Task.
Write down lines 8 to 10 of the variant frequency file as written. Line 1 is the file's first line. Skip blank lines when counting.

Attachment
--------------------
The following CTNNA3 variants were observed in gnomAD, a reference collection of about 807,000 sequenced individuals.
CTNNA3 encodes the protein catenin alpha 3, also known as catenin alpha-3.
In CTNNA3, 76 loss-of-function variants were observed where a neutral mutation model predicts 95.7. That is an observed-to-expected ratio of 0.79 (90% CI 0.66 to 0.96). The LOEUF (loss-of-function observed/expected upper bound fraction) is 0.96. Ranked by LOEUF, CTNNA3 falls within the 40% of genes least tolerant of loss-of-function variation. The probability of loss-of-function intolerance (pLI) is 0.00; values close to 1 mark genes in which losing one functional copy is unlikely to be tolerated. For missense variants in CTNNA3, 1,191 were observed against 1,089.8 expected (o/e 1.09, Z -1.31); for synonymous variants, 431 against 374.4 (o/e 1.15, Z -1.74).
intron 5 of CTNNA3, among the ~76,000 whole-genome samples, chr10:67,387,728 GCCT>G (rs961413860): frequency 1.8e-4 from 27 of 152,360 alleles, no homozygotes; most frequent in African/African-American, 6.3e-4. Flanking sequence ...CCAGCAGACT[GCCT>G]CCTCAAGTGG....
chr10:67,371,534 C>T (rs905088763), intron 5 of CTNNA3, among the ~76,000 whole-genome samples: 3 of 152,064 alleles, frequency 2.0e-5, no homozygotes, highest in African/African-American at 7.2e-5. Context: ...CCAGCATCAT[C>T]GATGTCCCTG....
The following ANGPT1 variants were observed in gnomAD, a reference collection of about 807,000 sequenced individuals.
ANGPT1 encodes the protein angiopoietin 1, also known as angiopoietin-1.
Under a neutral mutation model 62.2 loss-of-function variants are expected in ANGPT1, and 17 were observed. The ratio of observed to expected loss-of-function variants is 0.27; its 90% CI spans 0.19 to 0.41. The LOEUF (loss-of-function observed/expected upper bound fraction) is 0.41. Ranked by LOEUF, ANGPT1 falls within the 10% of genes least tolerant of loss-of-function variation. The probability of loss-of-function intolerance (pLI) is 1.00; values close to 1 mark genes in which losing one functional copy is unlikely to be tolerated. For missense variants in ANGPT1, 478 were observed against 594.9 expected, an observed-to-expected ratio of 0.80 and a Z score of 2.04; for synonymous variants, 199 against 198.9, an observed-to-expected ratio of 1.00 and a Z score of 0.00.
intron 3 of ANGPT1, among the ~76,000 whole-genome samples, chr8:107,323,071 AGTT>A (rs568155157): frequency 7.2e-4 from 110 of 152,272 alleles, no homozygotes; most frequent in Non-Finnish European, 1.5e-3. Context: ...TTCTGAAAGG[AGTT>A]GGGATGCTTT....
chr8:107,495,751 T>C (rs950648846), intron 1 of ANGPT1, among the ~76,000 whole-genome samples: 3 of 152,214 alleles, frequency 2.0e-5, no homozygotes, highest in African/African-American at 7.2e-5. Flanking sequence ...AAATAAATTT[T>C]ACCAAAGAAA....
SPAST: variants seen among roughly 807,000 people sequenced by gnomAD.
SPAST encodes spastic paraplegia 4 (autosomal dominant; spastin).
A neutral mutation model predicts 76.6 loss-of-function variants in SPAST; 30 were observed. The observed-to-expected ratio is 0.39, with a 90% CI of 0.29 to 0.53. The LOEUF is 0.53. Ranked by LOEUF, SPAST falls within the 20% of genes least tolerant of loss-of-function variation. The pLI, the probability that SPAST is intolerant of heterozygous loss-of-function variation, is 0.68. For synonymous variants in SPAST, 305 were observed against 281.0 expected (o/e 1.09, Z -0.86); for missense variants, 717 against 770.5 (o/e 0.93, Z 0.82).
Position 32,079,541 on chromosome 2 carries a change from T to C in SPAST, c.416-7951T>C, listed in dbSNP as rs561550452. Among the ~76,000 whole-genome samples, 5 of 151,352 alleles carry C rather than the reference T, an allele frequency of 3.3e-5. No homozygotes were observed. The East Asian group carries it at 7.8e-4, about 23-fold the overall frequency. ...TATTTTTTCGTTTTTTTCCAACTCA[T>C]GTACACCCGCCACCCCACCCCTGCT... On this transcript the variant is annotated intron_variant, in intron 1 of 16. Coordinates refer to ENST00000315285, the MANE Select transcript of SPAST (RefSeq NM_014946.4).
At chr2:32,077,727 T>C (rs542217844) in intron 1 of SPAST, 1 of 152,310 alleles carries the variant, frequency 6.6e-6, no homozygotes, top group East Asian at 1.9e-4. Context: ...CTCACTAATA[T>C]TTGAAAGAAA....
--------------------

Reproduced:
Under a neutral mutation model 62.2 loss-of-function variants are expected in ANGPT1, and 17 were observed. The ratio of observed to expected loss-of-function variants is 0.27; its 90% CI spans 0.19 to 0.41. The LOEUF (loss-of-function observed/expected upper bound fraction) is 0.41. Ranked by LOEUF, ANGPT1 falls within the 10% of genes least tolerant of loss-of-function variation. The probability of loss-of-function intolerance (pLI) is 1.00; values close to 1 mark genes in which losing one functional copy is unlikely to be tolerated. For missense variants in ANGPT1, 478 were observed against 594.9 expected, an observed-to-expected ratio of 0.80 and a Z score of 2.04; for synonymous variants, 199 against 198.9, an observed-to-expected ratio of 1.00 and a Z score of 0.00.
intron 3 of ANGPT1, among the ~76,000 whole-genome samples, chr8:107,323,071 AGTT>A (rs568155157): frequency 7.2e-4 from 110 of 152,272 alleles, no homozygotes; most frequent in Non-Finnish European, 1.5e-3. Context: ...TTCTGAAAGG[AGTT>A]GGGATGCTTT....
chr8:107,495,751 T>C (rs950648846), intron 1 of ANGPT1, among the ~76,000 whole-genome samples: 3 of 152,214 alleles, frequency 2.0e-5, no homozygotes, highest in African/African-American at 7.2e-5. Flanking sequence ...AAATAAATTT[T>C]ACCAAAGAAA....